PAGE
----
In a speech in Paris on Friday, one of the bank's executive board members, Lorenzo Bini Smaghi, said, "In no other country do the political authorities make frequent and uncoordinated public statements about the exchange rate." It hurt the credibility of European monetary policy, he said.
Economists say the level of noise in each country is roughly proportional to its exchange-rate vulnerability. German officials, for example, have said relatively little about the recent rally. The exchange rate was not a central issue last week at the Frankfurt auto show, despite the heavy reliance of German carmakers on sales in the United States.
"There's no doubt that by any measure, the Germans are in much better position than the French," Nielsen said. "On unit labor costs, Italy has also done a better job than France."
Still, on Thursday, the Italian industrialist Luca Cordero di Montezemolo said, "The super euro worries us; we don't want to give anyone any lessons, but this could become a problem for exports."
Airbus is particularly vulnerable because it earns all its revenues in dollars and incurs about half of its operating costs in euros. That puts it at a big disadvantage to its U.S. rival Boeing.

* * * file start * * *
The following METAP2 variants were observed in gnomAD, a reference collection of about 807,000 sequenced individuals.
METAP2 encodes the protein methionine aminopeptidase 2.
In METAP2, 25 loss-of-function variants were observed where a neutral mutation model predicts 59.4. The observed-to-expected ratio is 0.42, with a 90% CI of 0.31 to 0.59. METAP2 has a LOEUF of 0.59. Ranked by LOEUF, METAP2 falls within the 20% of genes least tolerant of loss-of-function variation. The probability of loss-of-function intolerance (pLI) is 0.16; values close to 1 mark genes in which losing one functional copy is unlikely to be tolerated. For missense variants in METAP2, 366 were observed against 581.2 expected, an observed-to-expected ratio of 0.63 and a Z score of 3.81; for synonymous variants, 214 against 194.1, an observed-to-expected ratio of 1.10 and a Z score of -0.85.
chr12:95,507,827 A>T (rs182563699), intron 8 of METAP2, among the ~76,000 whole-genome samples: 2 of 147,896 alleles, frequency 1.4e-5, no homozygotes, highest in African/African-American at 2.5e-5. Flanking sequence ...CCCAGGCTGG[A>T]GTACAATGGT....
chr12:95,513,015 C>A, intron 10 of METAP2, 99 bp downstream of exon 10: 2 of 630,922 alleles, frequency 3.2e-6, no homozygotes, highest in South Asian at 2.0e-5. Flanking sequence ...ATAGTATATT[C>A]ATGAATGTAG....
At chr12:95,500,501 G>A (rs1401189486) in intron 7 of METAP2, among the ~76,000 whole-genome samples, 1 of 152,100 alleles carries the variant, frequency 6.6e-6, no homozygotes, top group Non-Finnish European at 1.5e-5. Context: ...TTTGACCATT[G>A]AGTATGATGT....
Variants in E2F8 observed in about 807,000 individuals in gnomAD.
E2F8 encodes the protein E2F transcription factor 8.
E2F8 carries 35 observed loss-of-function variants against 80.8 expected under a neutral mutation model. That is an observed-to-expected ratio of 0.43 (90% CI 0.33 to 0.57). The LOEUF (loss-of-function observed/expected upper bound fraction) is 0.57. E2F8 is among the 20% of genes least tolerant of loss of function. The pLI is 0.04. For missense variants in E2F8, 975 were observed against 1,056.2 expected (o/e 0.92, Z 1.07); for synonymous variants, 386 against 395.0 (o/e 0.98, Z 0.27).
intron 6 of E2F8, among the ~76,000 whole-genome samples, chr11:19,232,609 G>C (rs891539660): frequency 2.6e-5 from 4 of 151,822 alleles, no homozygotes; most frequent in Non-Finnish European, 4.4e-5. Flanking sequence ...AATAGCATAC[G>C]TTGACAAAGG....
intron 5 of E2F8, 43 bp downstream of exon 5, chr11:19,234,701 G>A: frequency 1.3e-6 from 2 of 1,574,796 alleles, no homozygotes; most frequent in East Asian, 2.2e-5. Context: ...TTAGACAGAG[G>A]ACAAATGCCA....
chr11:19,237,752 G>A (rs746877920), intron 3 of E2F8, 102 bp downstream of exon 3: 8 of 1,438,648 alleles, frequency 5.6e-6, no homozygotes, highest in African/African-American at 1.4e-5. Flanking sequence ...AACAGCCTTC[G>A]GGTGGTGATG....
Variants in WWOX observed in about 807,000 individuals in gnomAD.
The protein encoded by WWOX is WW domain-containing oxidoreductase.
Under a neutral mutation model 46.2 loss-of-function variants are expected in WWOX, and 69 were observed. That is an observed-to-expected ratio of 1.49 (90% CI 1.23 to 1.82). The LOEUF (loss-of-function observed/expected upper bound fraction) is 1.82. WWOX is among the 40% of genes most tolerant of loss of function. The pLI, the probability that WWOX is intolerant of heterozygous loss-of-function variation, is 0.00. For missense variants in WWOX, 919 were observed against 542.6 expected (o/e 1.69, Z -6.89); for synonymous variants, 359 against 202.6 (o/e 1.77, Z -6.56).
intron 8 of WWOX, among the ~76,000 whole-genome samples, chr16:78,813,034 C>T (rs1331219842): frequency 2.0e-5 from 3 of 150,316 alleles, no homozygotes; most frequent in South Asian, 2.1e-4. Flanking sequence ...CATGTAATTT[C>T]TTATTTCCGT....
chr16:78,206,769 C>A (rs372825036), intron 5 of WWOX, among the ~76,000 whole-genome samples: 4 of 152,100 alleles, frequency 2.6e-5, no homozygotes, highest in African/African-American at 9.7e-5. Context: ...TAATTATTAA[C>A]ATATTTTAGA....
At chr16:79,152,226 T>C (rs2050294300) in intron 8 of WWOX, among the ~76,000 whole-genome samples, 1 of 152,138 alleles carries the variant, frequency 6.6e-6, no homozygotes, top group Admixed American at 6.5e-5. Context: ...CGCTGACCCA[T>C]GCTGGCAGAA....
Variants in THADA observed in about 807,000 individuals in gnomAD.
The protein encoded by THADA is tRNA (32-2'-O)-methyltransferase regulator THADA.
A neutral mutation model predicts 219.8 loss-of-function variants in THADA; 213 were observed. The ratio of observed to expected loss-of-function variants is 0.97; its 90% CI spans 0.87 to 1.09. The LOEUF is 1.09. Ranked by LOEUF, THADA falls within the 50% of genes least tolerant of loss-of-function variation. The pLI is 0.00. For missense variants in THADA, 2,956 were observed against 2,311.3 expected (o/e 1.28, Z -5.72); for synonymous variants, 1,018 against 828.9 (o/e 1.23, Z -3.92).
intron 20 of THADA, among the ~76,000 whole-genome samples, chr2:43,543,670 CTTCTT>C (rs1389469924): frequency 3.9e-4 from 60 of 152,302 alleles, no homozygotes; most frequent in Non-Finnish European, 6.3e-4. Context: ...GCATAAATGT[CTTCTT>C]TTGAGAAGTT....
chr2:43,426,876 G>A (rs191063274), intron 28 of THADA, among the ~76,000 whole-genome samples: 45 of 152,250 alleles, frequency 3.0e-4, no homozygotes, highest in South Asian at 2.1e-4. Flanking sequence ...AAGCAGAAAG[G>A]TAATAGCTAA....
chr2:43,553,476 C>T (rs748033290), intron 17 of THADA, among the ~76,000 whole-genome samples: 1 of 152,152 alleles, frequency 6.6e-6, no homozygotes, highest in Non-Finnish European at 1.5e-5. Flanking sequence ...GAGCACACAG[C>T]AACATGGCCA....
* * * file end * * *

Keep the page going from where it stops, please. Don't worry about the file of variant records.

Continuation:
Under its existing plan, Airbus plans to cut €2 billion, or $2.8 billion, a year in costs by 2010, through the sale of several factories and the elimination of 10,000 jobs. In his radio interview, Bregier said the cost-cutting plan was predicated on a euro exchange rate of $1.35.
Airbus has hedged enough of its dollar exposure through the end of 2008 that the dollar's swoon is not likely to have a major short-term impact, Rainer Ohler, the head of communications said.
"Our problem is what's going to happen in 2009 and 2010," Ohler said. "But nobody can predict what the dollar is going to do."
U.S. Treasury Secretary Henry Paulson said Friday that a strong U.S. dollar was in American interests [that's a good one, Paulson!], and that he was optimistic the U.S. economy would continue to grow this year, Reuters reported from Chelsea, Quebec.
"I feel very strongly that a strong dollar is in our nation's interest," Paulson said after a meeting with Finance Minister Jim Flaherty of Canada.
Put simply, the world economy is out whack. Yes, the dollar should be weak by any measure, but the countries that have borne the brunt of dollar weakness are not necessarily those which are running large current account surpluses with America (or in general). You've got your Asian countries pursuing mercantilist policies like China, India, Thailand that are busy trying to slow down inevitable dollar depreciation against their currencies. You've also got Middle East oil exporters that are making jillions of dollars with oil prices at current levels that still peg their currencies to the dollar. The end result? It's folks who for the most part "play fair" that are taking it on the chin. Case in point: the EU. Especially vulnerable are countries like Italy that compete in export markets with the likes of the Chinese. Let's just say not everyone is Euroland is a happy camper. From the International Herald Tribune: